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Facing Old Age Takes Courage

No one tells you when you get there. No one says: You are now entering the gate of Old Age. I guess we’re just supposed to figure it out for ourselves.

Guess what - it’s sort of a surprise.

Maybe because we didn’t expect to get here.

It takes great courage to face it.

Most of us survived this long by jumping many hurdles. We made it, but not by accident.

I can no longer fool myself into thinking anyone can reach this age. I’ve lost many friends and relatives along the way. No accident if you reach old age.

Like warriors, we are not that far from death at any point.

Death can take any of us at the turn of a wheel or the onset of a disease.

Warriors fighting for their homeland hope to go home to friends or to someone special they left behind. For those aging, that is not an option. The only option is to move forward, to grow older. There is no going back.

If you are not in denial about aging, then you are one of the courageous.

We may hunger for the good ole days when we felt athletic and strong, but let’s face it: none of that is possible again. (Yardwork proves it to me.)

When the body starts going downhill and failing, it’s usually one organ at a time. Eventually, there may be a general ache, perhaps the bones telling the mind the full truth.

I say, Cling to love, the very thing that helped me get this far in life.

That’s my plan.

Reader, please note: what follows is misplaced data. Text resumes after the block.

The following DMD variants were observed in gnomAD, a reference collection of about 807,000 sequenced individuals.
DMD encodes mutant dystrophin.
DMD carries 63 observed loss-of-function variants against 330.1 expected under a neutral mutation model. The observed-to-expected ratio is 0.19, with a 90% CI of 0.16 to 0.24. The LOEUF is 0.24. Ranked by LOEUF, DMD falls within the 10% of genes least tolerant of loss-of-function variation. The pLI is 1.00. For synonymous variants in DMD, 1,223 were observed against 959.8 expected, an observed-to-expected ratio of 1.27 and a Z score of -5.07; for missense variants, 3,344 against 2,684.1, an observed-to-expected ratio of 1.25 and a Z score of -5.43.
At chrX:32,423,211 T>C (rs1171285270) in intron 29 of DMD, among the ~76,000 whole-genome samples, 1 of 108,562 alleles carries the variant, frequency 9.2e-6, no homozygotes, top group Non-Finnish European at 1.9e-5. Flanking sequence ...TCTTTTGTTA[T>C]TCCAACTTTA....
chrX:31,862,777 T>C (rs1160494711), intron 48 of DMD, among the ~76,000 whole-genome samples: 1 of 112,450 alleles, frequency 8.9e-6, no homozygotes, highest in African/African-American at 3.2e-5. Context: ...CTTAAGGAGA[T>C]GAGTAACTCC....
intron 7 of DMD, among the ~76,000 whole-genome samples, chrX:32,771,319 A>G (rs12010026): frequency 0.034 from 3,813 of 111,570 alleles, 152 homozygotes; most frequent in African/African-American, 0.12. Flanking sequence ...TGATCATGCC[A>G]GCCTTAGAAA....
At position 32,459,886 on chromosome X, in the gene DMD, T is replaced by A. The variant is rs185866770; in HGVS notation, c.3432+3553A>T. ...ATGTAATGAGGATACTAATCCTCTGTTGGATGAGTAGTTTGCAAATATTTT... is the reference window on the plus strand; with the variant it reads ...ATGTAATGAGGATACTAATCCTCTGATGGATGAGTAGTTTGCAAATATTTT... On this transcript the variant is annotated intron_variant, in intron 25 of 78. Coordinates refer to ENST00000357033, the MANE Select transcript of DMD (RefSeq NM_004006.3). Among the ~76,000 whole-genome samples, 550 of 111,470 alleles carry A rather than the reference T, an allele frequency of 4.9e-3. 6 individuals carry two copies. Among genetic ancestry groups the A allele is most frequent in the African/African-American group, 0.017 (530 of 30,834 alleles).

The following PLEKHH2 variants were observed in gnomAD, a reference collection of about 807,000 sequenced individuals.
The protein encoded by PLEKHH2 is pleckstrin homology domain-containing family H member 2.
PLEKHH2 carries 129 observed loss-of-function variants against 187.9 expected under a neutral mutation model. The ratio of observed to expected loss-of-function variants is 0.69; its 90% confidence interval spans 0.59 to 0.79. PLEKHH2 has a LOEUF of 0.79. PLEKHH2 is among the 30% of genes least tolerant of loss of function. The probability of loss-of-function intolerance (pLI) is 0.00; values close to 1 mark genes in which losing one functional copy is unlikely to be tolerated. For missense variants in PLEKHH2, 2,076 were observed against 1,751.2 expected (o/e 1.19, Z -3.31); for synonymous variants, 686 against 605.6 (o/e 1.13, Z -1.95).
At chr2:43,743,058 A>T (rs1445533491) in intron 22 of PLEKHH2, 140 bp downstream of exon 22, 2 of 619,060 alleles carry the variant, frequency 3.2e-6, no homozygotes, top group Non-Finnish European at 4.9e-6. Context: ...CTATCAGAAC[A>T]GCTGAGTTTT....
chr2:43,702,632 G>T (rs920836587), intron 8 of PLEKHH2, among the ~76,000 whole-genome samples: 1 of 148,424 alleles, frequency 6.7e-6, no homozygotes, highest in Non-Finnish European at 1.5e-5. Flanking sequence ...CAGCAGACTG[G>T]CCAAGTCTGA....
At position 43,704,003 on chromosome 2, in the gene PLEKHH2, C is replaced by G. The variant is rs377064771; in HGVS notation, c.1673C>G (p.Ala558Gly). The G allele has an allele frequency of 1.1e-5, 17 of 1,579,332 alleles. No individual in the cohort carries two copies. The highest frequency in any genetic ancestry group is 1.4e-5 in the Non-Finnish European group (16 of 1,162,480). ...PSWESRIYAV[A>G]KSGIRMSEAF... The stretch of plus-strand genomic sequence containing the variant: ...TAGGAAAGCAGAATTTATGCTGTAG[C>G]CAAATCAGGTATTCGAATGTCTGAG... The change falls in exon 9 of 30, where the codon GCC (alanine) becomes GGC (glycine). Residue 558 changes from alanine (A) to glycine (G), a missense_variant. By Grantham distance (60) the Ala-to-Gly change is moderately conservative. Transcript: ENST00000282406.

It served me well in the early and middle years. Evidently, I have further to go. So I’m hanging on and clinging to love.


Maybe that’s what is given to all of us at one time or another. It’s given to us, perhaps, to help us pilot our way through this earthly world and into the next.

If you think you missed the boat on love, you might try to remember how it came from a neighbor, the boy delivering newspapers, the waitress who always had a smile, a teacher.

It was there.

I hear that young warriors pray for a quick death if they are unlucky on the battlefield. Makes sense to me.

The old may pray a similar prayer, but a few will pray for a death where they can show love to others, whether it is quick or slow.

Now that is courageous.


Pat Durmon


author of Women, Resilient Women, 2018

P. S – Thank you for Comments and Shares.

Photo of Viola Guffey, affectionately called “Mama” by her children and “Grandma” by her grandchildren. This photo is the one Pat Durmon prizes because it looks just like her in her old age.

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